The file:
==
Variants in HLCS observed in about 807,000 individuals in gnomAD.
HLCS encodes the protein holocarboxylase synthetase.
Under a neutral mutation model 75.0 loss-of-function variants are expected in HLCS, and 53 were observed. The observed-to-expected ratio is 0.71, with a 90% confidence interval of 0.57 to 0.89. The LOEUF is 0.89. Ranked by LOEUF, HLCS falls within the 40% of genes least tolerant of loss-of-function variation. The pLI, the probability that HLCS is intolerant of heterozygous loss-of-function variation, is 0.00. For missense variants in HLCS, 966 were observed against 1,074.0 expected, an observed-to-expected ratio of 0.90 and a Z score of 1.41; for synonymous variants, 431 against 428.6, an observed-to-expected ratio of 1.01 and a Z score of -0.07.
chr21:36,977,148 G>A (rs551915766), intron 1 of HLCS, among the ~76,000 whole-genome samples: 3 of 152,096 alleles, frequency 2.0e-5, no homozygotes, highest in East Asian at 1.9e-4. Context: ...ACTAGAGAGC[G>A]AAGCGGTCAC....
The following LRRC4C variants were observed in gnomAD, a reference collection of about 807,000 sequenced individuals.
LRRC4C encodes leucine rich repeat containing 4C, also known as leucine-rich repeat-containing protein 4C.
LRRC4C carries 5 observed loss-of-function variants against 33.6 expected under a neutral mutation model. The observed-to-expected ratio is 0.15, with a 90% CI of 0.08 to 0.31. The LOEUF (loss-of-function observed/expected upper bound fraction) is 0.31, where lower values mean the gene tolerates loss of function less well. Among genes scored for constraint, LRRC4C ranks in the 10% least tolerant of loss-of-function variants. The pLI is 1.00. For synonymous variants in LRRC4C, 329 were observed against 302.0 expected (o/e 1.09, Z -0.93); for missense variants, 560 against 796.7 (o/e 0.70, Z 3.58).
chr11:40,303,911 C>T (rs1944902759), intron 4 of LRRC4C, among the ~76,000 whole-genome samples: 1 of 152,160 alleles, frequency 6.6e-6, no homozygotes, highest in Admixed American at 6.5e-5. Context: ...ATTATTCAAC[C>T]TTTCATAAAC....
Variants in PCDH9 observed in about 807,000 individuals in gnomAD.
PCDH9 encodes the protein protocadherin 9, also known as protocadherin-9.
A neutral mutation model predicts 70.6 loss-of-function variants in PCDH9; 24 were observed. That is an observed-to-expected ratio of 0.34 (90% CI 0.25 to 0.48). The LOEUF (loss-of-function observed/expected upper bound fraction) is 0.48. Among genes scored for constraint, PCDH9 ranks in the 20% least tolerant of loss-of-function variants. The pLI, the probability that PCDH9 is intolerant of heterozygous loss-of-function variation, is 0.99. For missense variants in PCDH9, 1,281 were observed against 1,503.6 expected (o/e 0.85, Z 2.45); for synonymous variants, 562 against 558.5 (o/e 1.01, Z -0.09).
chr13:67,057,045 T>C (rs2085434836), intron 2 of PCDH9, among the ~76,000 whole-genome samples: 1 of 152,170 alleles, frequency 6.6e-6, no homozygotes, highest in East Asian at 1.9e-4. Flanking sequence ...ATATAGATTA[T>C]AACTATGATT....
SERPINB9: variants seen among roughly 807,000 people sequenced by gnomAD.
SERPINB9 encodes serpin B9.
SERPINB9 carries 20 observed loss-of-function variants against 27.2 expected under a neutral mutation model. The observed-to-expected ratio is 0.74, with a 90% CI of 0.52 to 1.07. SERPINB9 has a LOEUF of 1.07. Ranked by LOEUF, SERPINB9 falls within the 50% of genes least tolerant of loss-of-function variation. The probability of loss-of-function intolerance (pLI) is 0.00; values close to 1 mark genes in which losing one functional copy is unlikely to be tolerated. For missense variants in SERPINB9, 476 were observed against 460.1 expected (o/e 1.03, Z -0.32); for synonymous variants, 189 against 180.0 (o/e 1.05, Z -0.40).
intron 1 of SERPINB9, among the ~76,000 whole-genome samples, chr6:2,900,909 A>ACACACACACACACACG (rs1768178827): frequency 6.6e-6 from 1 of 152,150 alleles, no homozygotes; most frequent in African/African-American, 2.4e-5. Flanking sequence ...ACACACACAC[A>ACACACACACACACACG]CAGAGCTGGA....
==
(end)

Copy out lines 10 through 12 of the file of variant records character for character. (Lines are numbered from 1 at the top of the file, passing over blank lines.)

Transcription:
PCDH9 encodes the protein protocadherin 9, also known as protocadherin-9.
A neutral mutation model predicts 70.6 loss-of-function variants in PCDH9; 24 were observed. That is an observed-to-expected ratio of 0.34 (90% CI 0.25 to 0.48). The LOEUF (loss-of-function observed/expected upper bound fraction) is 0.48. Among genes scored for constraint, PCDH9 ranks in the 20% least tolerant of loss-of-function variants. The pLI, the probability that PCDH9 is intolerant of heterozygous loss-of-function variation, is 0.99. For missense variants in PCDH9, 1,281 were observed against 1,503.6 expected (o/e 0.85, Z 2.45); for synonymous variants, 562 against 558.5 (o/e 1.01, Z -0.09).
chr13:67,057,045 T>C (rs2085434836), intron 2 of PCDH9, among the ~76,000 whole-genome samples: 1 of 152,170 alleles, frequency 6.6e-6, no homozygotes, highest in East Asian at 1.9e-4. Flanking sequence ...ATATAGATTA[T>C]AACTATGATT....